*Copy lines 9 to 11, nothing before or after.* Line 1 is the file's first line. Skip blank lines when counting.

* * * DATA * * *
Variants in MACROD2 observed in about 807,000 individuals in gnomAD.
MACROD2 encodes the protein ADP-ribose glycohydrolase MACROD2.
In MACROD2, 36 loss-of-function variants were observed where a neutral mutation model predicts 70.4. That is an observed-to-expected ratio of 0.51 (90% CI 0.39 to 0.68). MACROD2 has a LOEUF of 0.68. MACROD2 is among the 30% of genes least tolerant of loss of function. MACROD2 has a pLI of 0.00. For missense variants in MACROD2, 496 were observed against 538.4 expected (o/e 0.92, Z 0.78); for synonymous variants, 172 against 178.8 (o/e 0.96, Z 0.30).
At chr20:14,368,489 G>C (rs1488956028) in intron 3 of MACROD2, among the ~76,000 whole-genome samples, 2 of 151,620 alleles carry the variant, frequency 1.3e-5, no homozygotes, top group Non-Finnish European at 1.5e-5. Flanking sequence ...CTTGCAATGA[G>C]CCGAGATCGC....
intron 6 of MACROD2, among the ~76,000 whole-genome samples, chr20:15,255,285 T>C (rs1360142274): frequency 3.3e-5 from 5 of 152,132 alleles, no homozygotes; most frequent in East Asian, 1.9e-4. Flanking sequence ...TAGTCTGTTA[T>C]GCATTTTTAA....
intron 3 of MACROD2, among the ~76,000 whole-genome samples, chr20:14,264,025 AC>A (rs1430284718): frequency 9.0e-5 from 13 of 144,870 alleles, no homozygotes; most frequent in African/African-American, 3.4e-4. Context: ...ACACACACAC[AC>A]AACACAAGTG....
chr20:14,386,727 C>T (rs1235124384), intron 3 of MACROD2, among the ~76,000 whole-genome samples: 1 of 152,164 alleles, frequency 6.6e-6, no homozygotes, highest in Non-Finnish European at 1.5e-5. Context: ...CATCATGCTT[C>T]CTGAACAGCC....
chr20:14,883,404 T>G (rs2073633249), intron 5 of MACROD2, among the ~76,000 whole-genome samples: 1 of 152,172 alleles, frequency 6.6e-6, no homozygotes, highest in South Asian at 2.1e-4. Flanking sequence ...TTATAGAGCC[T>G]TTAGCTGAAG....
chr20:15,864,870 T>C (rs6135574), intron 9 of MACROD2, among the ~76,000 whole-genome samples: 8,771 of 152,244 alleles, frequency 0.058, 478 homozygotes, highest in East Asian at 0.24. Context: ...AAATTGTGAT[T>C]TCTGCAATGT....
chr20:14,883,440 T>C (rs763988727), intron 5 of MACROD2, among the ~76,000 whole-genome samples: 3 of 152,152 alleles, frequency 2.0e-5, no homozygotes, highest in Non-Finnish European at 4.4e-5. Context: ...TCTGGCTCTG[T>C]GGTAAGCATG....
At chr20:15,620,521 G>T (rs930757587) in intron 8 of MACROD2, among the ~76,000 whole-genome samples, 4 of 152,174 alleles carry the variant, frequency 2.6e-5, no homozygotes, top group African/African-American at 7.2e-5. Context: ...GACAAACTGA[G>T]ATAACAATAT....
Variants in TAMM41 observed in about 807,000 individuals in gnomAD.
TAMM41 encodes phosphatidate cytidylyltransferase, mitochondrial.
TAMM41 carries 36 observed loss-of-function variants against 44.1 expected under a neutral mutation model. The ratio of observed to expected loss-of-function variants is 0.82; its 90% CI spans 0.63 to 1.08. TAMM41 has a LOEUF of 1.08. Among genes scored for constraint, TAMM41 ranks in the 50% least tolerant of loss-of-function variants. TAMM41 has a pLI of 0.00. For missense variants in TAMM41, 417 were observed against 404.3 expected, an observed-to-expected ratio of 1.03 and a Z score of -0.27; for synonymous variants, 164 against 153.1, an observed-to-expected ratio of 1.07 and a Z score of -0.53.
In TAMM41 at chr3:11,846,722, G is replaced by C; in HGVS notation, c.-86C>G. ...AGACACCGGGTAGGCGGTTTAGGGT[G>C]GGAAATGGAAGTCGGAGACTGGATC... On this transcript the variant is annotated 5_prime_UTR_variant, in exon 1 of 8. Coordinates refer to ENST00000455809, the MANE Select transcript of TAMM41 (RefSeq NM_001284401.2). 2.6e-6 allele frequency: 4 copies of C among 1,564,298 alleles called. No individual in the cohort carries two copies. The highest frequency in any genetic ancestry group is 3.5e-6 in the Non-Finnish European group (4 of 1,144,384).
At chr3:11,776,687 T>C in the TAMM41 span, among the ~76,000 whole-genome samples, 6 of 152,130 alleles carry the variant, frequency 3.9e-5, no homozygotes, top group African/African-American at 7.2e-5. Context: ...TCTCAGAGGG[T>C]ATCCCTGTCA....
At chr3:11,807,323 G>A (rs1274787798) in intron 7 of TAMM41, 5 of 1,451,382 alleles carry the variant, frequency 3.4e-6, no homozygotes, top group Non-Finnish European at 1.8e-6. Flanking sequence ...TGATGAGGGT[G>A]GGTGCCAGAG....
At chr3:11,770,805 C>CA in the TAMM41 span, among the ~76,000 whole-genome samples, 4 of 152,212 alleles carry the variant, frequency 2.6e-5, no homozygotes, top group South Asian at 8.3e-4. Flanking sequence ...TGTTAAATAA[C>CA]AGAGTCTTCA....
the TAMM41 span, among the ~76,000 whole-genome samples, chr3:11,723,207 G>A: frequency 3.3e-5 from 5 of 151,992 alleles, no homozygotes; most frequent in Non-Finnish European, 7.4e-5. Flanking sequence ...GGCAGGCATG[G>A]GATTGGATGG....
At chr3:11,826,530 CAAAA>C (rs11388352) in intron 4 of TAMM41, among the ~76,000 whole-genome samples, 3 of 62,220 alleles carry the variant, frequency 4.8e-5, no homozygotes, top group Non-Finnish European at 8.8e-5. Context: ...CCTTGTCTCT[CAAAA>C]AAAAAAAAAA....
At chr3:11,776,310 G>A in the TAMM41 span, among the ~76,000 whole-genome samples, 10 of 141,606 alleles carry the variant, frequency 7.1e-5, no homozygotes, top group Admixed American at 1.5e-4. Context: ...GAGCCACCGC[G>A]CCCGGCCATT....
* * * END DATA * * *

chr20:15,864,870 T>C (rs6135574), intron 9 of MACROD2, among the ~76,000 whole-genome samples: 8,771 of 152,244 alleles, frequency 0.058, 478 homozygotes, highest in East Asian at 0.24. Context: ...AAATTGTGAT[T>C]TCTGCAATGT....
chr20:14,883,440 T>C (rs763988727), intron 5 of MACROD2, among the ~76,000 whole-genome samples: 3 of 152,152 alleles, frequency 2.0e-5, no homozygotes, highest in Non-Finnish European at 4.4e-5. Context: ...TCTGGCTCTG[T>C]GGTAAGCATG....
At chr20:15,620,521 G>T (rs930757587) in intron 8 of MACROD2, among the ~76,000 whole-genome samples, 4 of 152,174 alleles carry the variant, frequency 2.6e-5, no homozygotes, top group African/African-American at 7.2e-5. Context: ...GACAAACTGA[G>T]ATAACAATAT....